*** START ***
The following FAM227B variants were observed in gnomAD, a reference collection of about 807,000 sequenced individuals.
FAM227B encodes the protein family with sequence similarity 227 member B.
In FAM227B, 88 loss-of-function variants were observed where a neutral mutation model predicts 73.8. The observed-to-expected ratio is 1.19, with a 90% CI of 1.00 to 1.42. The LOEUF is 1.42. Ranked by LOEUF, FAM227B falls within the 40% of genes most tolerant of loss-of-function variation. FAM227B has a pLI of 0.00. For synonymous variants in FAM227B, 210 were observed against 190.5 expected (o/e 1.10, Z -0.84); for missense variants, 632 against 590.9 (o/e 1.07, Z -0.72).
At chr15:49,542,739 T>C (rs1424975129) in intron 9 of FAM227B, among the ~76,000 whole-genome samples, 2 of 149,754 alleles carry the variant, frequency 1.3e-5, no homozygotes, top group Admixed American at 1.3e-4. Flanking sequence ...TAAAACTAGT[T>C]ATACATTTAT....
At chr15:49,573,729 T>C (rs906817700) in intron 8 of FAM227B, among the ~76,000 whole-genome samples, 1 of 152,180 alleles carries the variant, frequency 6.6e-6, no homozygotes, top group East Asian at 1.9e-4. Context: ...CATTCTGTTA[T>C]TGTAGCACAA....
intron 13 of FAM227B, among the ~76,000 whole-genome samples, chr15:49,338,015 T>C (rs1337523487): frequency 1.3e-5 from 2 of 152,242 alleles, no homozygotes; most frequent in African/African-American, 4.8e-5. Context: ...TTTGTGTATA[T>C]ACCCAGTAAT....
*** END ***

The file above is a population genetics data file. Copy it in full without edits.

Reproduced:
The following FAM227B variants were observed in gnomAD, a reference collection of about 807,000 sequenced individuals.
FAM227B encodes the protein family with sequence similarity 227 member B.
In FAM227B, 88 loss-of-function variants were observed where a neutral mutation model predicts 73.8. The observed-to-expected ratio is 1.19, with a 90% CI of 1.00 to 1.42. The LOEUF is 1.42. Ranked by LOEUF, FAM227B falls within the 40% of genes most tolerant of loss-of-function variation. FAM227B has a pLI of 0.00. For synonymous variants in FAM227B, 210 were observed against 190.5 expected (o/e 1.10, Z -0.84); for missense variants, 632 against 590.9 (o/e 1.07, Z -0.72).
At chr15:49,542,739 T>C (rs1424975129) in intron 9 of FAM227B, among the ~76,000 whole-genome samples, 2 of 149,754 alleles carry the variant, frequency 1.3e-5, no homozygotes, top group Admixed American at 1.3e-4. Flanking sequence ...TAAAACTAGT[T>C]ATACATTTAT....
At chr15:49,573,729 T>C (rs906817700) in intron 8 of FAM227B, among the ~76,000 whole-genome samples, 1 of 152,180 alleles carries the variant, frequency 6.6e-6, no homozygotes, top group East Asian at 1.9e-4. Context: ...CATTCTGTTA[T>C]TGTAGCACAA....
intron 13 of FAM227B, among the ~76,000 whole-genome samples, chr15:49,338,015 T>C (rs1337523487): frequency 1.3e-5 from 2 of 152,242 alleles, no homozygotes; most frequent in African/African-American, 4.8e-5. Context: ...TTTGTGTATA[T>C]ACCCAGTAAT....